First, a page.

As others have pointed out, this does not correspond with the contents of Royal 20 D 1 (e.g. Barbieri 2005, 17), which begins with the story of Thebes and also lacks the Alexander the Great section of the first redaction of the Histoire ancienne. However, it may instructively be read alongside the brief summary of the biblical sections of the first redaction of the Histoire ancienne found near the beginning of Prose 5 (see Figure 5.5). As already noted, with the exception of the Troy section, the second redaction of the Histoire ancienne follows the text of the first closely. This paragraph, which draws on the Genesis section of the first redaction (§§ 95 and 106–108),35

35  References for the Genesis section are to Joslin 1986.

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180  Medieval French Literary Culture Abroad

Figure 5.6.  BL, Royal MS 20 D 1, f. 27v detail, summary of the Flood. © The British Library Board, London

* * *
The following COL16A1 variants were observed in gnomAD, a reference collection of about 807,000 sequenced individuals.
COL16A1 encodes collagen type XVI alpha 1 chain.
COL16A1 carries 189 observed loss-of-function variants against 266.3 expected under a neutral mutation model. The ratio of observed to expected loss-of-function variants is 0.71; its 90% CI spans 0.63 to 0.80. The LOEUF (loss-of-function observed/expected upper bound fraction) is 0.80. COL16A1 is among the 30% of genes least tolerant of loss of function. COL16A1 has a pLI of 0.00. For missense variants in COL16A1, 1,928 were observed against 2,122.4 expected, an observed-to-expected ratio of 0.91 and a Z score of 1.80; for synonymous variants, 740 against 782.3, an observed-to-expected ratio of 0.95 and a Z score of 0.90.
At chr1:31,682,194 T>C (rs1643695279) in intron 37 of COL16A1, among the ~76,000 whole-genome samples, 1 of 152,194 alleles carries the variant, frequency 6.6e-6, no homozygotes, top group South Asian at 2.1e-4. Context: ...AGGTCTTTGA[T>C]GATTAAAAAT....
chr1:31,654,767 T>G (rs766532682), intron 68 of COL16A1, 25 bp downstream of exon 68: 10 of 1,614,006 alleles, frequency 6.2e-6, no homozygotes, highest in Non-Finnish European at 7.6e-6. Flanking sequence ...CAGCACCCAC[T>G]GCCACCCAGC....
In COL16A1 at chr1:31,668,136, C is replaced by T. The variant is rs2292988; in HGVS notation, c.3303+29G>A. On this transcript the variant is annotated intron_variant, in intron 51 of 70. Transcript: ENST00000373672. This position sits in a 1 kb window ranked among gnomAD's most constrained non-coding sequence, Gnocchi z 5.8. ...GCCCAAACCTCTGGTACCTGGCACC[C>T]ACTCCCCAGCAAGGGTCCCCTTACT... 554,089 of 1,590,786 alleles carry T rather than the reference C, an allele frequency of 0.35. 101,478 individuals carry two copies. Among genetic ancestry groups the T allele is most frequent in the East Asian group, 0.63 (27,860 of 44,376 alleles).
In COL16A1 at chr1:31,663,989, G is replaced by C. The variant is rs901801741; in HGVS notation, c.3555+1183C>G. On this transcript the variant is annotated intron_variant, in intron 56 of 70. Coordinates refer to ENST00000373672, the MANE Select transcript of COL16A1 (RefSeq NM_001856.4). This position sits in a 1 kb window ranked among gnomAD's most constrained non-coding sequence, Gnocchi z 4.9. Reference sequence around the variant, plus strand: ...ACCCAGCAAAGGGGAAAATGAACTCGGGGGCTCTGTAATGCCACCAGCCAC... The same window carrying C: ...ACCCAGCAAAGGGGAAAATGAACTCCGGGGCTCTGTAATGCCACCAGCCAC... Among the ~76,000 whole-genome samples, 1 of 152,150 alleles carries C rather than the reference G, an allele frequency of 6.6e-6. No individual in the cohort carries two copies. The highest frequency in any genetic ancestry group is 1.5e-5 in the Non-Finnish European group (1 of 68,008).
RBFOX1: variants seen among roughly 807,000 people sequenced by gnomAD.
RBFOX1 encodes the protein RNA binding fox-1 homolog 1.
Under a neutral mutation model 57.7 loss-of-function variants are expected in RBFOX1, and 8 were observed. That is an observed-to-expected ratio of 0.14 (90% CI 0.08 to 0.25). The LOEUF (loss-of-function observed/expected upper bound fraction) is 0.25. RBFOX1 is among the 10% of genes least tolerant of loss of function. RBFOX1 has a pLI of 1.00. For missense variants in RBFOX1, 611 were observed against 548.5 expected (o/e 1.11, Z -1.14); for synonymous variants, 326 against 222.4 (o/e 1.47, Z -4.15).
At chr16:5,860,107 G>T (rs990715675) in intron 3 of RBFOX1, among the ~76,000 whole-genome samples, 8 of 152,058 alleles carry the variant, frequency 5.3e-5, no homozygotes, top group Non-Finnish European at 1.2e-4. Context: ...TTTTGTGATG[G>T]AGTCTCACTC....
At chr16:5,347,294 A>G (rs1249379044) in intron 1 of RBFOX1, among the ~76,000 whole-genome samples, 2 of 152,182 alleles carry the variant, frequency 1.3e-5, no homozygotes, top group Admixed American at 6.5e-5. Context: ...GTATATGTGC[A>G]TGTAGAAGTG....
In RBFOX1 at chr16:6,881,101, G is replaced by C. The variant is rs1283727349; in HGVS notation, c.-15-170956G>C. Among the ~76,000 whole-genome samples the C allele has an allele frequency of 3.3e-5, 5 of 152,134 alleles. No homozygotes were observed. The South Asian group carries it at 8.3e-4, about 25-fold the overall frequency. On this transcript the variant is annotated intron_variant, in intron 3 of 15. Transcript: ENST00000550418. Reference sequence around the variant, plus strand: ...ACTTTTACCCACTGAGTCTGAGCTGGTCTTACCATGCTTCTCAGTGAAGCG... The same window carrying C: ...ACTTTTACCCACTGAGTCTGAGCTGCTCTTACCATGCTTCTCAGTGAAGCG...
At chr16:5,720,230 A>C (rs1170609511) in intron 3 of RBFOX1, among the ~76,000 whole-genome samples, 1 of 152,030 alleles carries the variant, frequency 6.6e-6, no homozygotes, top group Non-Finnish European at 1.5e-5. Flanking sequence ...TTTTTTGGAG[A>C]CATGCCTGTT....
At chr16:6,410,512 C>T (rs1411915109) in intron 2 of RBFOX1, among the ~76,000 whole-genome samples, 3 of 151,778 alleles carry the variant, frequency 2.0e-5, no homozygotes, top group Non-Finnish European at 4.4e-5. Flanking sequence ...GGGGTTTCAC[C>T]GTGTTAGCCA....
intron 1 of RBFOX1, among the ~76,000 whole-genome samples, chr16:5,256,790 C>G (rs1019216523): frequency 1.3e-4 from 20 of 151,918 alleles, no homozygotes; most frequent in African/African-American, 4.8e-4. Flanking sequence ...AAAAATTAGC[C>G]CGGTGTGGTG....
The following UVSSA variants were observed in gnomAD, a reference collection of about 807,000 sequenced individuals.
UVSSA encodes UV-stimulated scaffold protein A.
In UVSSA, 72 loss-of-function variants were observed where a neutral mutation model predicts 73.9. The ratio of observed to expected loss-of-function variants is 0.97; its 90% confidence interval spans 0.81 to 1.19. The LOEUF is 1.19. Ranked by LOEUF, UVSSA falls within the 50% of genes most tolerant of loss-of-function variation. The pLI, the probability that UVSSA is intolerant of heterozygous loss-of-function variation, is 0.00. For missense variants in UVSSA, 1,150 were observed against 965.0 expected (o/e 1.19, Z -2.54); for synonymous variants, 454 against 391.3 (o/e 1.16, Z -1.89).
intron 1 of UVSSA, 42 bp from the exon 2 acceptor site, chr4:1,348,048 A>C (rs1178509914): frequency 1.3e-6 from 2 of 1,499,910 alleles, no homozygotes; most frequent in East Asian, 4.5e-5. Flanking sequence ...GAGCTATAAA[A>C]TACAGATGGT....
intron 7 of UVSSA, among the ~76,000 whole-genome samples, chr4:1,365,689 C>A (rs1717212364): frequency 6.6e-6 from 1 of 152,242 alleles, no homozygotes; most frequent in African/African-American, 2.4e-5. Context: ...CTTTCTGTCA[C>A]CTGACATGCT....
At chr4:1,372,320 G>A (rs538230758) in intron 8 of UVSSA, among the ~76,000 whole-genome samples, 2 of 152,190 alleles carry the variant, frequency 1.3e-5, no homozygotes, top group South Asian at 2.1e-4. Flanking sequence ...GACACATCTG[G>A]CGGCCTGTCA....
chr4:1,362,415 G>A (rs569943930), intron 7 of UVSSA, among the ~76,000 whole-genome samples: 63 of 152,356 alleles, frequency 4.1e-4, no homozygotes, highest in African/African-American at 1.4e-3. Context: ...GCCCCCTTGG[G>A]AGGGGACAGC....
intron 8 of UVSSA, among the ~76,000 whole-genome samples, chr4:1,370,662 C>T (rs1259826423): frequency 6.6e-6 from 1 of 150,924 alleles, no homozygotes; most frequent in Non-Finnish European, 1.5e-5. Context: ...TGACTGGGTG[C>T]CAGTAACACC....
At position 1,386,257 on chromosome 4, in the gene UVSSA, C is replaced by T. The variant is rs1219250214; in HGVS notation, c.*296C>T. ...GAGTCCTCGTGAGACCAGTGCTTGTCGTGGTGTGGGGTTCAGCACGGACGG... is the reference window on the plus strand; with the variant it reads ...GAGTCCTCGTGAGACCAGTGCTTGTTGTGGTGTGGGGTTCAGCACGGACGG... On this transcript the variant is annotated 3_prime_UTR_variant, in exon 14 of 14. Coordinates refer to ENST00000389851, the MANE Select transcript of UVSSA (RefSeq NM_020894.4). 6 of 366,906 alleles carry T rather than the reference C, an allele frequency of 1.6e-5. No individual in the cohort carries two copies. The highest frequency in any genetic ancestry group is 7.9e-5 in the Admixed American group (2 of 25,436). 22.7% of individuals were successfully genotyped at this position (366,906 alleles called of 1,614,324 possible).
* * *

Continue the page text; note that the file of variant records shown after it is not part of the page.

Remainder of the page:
indicates clearly that the redactor of Prose 5 worked with a copy of the first redaction of the Histoire ancienne in front of him. This is also evident from the opening paragraphs of Prose 5 (ff. 27r–27v), where textual material (§§ 47–48) from the Genesis section of the first redaction of the Histoire ancienne reminds readers of the Flood, and then of the tripartite division of the world into three continents (using the text of §§ 71–72), before seamlessly introducing the prehistory of Troy by reproducing all but the first few lines of the first paragraph of the Troy section of the first redaction (see Figure 5.6). This is the only use the redactor of Prose 5 makes of the Troy section of the first redaction of the Histoire ancienne, since as already noted the rest of the text is drawn from other sources (or perhaps occasionally newly composed), but once again we can see that he undoubtedly had a copy of the first redaction in front of him, one which included the biblical material, and this heightens the probability (without offering conclusive proof) that Prose 5 was composed specifically for inclusion in a new redaction of the Histoire ancienne. One corollary of all this is that the second redaction does not lack the biblical material because the compiler was working from an incomplete source. The colophon also offers evidence: